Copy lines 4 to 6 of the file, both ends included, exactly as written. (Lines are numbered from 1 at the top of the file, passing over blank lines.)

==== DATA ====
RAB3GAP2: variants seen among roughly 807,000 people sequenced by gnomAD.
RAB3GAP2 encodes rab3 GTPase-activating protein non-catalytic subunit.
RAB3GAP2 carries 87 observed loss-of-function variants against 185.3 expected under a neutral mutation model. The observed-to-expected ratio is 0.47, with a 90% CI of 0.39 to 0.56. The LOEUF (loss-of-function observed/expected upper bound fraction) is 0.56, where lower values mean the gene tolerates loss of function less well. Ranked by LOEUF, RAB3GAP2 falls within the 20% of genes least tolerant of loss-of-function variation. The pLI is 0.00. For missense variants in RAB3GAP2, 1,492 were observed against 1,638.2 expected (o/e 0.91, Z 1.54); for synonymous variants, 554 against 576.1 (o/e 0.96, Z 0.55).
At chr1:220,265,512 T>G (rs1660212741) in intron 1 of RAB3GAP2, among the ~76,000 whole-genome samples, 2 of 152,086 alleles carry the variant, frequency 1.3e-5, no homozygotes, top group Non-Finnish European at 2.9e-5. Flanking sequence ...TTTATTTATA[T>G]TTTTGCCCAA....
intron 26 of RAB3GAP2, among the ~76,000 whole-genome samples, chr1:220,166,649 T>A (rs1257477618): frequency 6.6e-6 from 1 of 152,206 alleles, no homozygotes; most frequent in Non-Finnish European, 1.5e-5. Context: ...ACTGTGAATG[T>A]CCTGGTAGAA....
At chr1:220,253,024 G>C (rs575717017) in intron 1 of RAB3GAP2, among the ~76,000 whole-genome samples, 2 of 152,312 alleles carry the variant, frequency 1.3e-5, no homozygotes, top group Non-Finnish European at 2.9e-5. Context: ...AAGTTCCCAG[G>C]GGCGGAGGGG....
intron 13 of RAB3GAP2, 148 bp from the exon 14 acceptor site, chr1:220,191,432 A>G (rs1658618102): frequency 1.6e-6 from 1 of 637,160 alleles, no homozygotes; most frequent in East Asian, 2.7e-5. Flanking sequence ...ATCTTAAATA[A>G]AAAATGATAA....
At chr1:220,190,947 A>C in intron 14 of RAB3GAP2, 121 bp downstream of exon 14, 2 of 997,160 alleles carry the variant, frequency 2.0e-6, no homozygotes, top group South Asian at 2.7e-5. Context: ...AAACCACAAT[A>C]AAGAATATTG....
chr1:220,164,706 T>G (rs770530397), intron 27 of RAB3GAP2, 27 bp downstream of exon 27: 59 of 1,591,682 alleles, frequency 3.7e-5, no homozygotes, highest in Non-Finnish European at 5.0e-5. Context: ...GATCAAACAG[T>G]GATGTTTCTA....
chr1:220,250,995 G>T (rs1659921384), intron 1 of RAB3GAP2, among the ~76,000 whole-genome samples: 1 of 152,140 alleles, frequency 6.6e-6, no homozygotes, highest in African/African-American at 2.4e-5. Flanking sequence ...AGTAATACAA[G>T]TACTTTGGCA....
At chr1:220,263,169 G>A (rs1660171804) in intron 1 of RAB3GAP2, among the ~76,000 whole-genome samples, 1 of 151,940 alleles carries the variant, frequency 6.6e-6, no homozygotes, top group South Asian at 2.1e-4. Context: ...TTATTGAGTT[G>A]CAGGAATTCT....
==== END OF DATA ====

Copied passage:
At chr1:220,265,512 T>G (rs1660212741) in intron 1 of RAB3GAP2, among the ~76,000 whole-genome samples, 2 of 152,086 alleles carry the variant, frequency 1.3e-5, no homozygotes, top group Non-Finnish European at 2.9e-5. Flanking sequence ...TTTATTTATA[T>G]TTTTGCCCAA....
intron 26 of RAB3GAP2, among the ~76,000 whole-genome samples, chr1:220,166,649 T>A (rs1257477618): frequency 6.6e-6 from 1 of 152,206 alleles, no homozygotes; most frequent in Non-Finnish European, 1.5e-5. Context: ...ACTGTGAATG[T>A]CCTGGTAGAA....
At chr1:220,253,024 G>C (rs575717017) in intron 1 of RAB3GAP2, among the ~76,000 whole-genome samples, 2 of 152,312 alleles carry the variant, frequency 1.3e-5, no homozygotes, top group Non-Finnish European at 2.9e-5. Context: ...AAGTTCCCAG[G>C]GGCGGAGGGG....